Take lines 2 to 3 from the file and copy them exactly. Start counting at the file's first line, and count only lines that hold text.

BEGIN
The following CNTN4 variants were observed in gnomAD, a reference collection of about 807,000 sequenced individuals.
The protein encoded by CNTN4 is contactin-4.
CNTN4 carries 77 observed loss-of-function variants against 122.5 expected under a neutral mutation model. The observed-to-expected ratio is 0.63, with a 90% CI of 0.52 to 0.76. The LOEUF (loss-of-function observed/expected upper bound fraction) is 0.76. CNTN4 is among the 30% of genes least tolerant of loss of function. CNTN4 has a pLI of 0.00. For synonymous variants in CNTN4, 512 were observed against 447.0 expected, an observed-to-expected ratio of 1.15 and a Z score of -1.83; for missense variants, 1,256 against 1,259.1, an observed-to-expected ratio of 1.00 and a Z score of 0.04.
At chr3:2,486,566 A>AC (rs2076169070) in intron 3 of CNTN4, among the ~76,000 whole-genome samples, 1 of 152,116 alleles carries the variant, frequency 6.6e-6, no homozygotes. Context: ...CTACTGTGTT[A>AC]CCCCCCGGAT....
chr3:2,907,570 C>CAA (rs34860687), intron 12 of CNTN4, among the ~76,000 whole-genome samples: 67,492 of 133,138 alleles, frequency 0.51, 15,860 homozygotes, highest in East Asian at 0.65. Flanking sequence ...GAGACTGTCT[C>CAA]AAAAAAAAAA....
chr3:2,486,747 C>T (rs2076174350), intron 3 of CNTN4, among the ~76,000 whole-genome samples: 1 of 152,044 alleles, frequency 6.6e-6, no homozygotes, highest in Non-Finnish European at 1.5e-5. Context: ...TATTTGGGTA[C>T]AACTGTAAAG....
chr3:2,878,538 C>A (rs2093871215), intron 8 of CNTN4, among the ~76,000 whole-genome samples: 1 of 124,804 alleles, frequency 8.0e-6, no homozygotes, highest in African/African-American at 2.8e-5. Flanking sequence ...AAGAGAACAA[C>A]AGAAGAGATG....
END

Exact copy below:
The protein encoded by CNTN4 is contactin-4.
CNTN4 carries 77 observed loss-of-function variants against 122.5 expected under a neutral mutation model. The observed-to-expected ratio is 0.63, with a 90% CI of 0.52 to 0.76. The LOEUF (loss-of-function observed/expected upper bound fraction) is 0.76. CNTN4 is among the 30% of genes least tolerant of loss of function. CNTN4 has a pLI of 0.00. For synonymous variants in CNTN4, 512 were observed against 447.0 expected, an observed-to-expected ratio of 1.15 and a Z score of -1.83; for missense variants, 1,256 against 1,259.1, an observed-to-expected ratio of 1.00 and a Z score of 0.04.